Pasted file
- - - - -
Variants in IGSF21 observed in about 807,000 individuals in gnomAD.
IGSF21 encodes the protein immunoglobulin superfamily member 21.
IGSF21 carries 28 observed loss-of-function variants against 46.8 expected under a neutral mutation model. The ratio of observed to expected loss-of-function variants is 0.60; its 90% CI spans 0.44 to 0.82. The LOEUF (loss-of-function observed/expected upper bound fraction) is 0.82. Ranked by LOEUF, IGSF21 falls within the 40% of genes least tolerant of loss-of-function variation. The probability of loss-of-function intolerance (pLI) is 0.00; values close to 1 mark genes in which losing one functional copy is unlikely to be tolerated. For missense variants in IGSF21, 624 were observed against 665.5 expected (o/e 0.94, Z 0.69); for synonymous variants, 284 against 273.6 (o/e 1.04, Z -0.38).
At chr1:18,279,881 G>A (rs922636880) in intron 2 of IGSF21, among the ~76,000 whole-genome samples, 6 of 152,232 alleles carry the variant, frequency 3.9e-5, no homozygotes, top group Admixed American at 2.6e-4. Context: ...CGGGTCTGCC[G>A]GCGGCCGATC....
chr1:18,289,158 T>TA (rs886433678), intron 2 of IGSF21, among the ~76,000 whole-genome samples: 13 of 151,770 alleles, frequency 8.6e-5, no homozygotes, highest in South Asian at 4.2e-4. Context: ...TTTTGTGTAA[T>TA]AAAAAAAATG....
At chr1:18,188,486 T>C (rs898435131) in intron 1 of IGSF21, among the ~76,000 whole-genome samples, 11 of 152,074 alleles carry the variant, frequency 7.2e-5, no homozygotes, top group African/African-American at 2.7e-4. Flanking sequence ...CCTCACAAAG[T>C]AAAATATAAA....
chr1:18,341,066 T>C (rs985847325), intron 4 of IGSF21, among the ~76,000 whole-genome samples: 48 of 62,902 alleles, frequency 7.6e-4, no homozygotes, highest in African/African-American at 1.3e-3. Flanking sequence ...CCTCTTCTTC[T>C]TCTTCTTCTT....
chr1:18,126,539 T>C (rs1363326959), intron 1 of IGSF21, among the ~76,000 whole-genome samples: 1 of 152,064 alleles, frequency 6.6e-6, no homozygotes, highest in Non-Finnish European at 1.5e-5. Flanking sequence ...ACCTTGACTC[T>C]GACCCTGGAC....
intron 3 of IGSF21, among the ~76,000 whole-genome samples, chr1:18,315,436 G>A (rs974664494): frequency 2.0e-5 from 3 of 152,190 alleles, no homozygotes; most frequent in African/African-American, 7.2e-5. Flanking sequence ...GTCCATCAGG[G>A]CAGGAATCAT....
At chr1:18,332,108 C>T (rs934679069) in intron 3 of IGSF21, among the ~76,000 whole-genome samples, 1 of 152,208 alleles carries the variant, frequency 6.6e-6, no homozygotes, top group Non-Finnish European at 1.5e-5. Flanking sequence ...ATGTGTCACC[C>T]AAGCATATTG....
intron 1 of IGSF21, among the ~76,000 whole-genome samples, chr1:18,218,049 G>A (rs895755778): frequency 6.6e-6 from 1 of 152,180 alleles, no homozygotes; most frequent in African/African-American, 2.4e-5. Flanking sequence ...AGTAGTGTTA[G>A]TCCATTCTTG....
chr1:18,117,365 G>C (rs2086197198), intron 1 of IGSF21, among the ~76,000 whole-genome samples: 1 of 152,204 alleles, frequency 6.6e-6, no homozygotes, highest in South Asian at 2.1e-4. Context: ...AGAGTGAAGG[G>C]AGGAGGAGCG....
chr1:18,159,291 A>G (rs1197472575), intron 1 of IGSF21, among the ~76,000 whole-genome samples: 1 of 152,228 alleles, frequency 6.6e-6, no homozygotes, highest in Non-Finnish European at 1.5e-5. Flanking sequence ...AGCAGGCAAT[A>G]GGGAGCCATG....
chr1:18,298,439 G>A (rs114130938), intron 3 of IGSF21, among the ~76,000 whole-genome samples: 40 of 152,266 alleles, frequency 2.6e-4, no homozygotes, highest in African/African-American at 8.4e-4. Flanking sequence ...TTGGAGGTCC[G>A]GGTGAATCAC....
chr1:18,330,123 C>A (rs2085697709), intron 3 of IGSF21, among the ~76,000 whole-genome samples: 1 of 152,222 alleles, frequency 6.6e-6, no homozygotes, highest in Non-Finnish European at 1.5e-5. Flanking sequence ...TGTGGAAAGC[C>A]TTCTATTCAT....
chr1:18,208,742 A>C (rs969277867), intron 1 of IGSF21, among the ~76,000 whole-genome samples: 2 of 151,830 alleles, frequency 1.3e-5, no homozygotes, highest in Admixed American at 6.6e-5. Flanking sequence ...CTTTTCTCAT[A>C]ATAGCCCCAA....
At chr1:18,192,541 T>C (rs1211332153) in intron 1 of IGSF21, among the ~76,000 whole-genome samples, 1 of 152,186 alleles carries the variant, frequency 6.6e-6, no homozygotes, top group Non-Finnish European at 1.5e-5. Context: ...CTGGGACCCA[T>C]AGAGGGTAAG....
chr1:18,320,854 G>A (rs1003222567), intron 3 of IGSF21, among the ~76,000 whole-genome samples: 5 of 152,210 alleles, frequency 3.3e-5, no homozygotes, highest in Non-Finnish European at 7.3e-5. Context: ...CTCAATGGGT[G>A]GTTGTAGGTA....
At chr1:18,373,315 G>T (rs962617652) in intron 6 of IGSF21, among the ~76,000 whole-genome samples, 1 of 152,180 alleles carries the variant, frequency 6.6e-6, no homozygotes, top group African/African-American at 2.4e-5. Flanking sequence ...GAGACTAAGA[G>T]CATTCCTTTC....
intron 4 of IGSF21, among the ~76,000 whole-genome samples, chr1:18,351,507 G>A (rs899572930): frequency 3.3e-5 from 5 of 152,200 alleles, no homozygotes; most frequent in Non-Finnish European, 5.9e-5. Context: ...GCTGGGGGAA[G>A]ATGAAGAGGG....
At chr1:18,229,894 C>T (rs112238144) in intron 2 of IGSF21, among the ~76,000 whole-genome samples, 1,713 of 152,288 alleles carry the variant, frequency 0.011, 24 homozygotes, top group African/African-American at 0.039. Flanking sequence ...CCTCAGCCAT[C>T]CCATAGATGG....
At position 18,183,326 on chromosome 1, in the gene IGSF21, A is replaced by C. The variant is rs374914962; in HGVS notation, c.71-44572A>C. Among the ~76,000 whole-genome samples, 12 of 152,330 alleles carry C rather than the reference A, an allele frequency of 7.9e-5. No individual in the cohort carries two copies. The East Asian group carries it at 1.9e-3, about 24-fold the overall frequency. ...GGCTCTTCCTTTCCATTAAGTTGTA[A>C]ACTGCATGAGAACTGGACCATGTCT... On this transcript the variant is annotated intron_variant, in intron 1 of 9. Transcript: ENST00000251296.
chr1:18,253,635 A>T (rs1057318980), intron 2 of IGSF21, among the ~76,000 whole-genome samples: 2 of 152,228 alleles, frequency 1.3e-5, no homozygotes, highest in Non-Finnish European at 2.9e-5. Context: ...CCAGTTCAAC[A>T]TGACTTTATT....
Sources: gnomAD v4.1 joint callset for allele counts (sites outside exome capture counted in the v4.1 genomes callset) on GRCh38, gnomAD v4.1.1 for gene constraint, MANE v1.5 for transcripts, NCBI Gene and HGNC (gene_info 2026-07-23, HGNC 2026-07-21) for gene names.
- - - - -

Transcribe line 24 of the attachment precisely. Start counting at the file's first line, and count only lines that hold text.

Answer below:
Sources: gnomAD v4.1 joint callset for allele counts (sites outside exome capture counted in the v4.1 genomes callset) on GRCh38, gnomAD v4.1.1 for gene constraint, MANE v1.5 for transcripts, NCBI Gene and HGNC (gene_info 2026-07-23, HGNC 2026-07-21) for gene names.